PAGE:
Israeli Prime Minister Benjamin Netanyahu is outwardly going through the motions of supporting peace negotiations but demands preconditions and no cessation of expanding Israeli colonies in Palestine. Netanyahu knows how to play the U.S. government like a harp. He talks about negotiations for peace, but remains intransigent.
Back in 1996, he told an applauding joint session of Congress that Israel's mature economy would no longer need U.S. foreign aid. Today, Israel is a prosperous, bigger economy but is still receiving U.S. foreign aid.
Kerry's trump card is recognizing the long neglected specific peace offer by the 22-member Arab league in 2002. These Arab countries have renewed and updated their proposal to make it easier for Israel to accept. It includes a comprehensive peace treaty with all Arab nations and Israeli recognition of a Palestinian state within the 1967 borders, with minor land swaps. Netanyahu has given this offer the back of his hand despite its highly-publicized reiteration in the ensuing years. But this year, Israeli President (an honorific post) Shimon Peres highlighted the verbal Israeli government endorsement of a two-state solution and urged that "a broad structure of support be created for making progress."
The problem is that almost nobody in Israel -- hawks, peace advocates, or those in the middle -- believes anything will come out of Kerry's shuttle diplomacy.
Here are some reasons why. There is no pressure on Netanyahu's governing coalition to wage peace. As Ethan Bronner, long-time The New York Times reporter in Israel, wrote this past Sunday: "Israel has never been richer, safer, more culturally productive or dynamic." He might have added that, with huge natural gas finds offshore, Israel is about to be both self-sufficient in fossil fuels and a net exporter.
Nor is there any pressure that Netanyahu recognizes from the Palestinian/Arab side. Palestinians are continually subjugated, impoverished, divided internally and on the losing end of the casualty toll by a ratio exceeding 400 to 1. Israel can strike targets in Palestine at will.
Arab nations are internally preoccupied with civil wars, sectarian conflicts and, except for the Gulf countries, weak economies. Israel, with the most modern military, heavily furnished by the United States, and scores of ready nuclear bombs, stands astride the Middle East as a giant colossus.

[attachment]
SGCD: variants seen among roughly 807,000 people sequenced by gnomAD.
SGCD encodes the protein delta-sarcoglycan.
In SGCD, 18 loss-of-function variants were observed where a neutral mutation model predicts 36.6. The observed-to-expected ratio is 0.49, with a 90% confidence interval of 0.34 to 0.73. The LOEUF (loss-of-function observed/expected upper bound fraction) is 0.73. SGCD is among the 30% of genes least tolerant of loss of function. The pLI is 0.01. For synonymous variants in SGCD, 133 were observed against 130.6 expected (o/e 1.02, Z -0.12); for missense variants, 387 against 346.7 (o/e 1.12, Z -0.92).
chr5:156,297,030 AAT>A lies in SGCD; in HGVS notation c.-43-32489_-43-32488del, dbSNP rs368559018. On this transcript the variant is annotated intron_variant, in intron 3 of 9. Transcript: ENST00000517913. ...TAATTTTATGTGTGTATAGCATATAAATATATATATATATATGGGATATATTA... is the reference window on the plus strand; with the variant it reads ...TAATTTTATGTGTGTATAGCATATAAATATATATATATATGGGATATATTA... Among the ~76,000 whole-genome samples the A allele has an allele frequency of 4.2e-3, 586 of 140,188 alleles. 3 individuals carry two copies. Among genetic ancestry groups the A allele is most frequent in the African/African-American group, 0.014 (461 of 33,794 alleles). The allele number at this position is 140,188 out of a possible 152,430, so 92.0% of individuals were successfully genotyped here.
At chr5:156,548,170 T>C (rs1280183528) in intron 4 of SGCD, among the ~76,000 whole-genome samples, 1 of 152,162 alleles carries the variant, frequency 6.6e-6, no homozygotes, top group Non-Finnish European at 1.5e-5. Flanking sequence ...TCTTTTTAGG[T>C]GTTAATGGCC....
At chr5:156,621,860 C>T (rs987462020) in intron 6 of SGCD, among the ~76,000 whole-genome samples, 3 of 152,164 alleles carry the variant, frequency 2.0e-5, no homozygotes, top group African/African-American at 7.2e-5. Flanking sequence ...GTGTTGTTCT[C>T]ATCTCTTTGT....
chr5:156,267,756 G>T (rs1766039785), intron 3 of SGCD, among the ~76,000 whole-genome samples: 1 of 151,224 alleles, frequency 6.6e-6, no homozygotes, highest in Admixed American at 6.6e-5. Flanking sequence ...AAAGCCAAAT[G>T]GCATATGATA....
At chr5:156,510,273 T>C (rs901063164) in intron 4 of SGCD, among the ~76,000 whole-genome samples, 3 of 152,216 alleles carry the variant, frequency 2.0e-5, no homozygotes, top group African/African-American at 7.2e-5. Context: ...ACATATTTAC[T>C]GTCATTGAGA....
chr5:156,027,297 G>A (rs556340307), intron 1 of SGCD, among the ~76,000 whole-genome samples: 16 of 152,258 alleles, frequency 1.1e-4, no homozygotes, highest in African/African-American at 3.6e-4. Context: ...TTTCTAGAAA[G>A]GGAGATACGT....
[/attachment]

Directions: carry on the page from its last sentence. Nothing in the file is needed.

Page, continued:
The main reality in Israeli domestic politics is that, if it weren't for external threats, however exaggerated, the Israeli government and society would have to face very deep divisions inside Israel between secular and ultra-orthodox populations. From expanding the colonies in Palestine to strict religious rituals and social mores, exemptions from military service, the place of women, and the treatment of the Israeli Arabs, there are two Israels that are ready to erupt were peace to break out with Palestine and Arab neighbors. (See a letter here.)
Faced with this harrowing prospect of domestic civil strife, Netanyahu's government feels no urgency for peace, according to Bronner. The regional status quo is under control of its iron fist.
Many out-of-power Israeli politicians, such as former Prime Minister Ehud Olmert, and former Deputy Prime Minister Dan Meridor, have all argued for vigorously pursuing a two-state solution to head off Israel becoming a state that, in a few decades, contains more Palestinians than Israelis. The militarists, however, are the ones running the government.
Moreover, Kerry cannot expect any pressure from Washington on the Israeli government, because Washington, especially Congress, always goes along with the Israeli government, to such a degree that it astonishes opposition parties in the Israeli Knesset.
Make no mistake about Netanyahu. He is, and has long been, a vintage extreme hardliner against any Palestinian sovereignty. In 1989, after the Tiananmen Square massacre in China, Netanyahu, then Israeli Deputy Foreign Minister, told students at Bar Ilan University that: "Israel should have exploited the repression of the demonstrations in China, when world attention focused on that country, to carry out mass expulsions among the Arabs of the territories."
Eviction and the expropriation of what is left of the original Palestine has long been the dogma of Israeli militarists and leaders of the expansionist Likud Party, including Ariel Sharon.
The award-winning Israeli documentary "The Gatekeepers" presents six retired leaders of the Shin Bit -- the Israeli FBI -- speaking with remarkable candor about how rational actions, including those toward peace, were continually overruled by politicians who exploited the Israeli-Arab conflict for their own domestic advantage.
So, what is our Secretary of State to do? Kerry should propose that these men and other prominent retired outspoken leaders from the military, security, and elected political leaders, together with well-known writers and scholars, testify at length before the U.S. House and Senate. AIPAC cannot stop them from testifying. Congress and the American people will be given an opportunity to hear these experienced, persuasive voices for a peace settlement.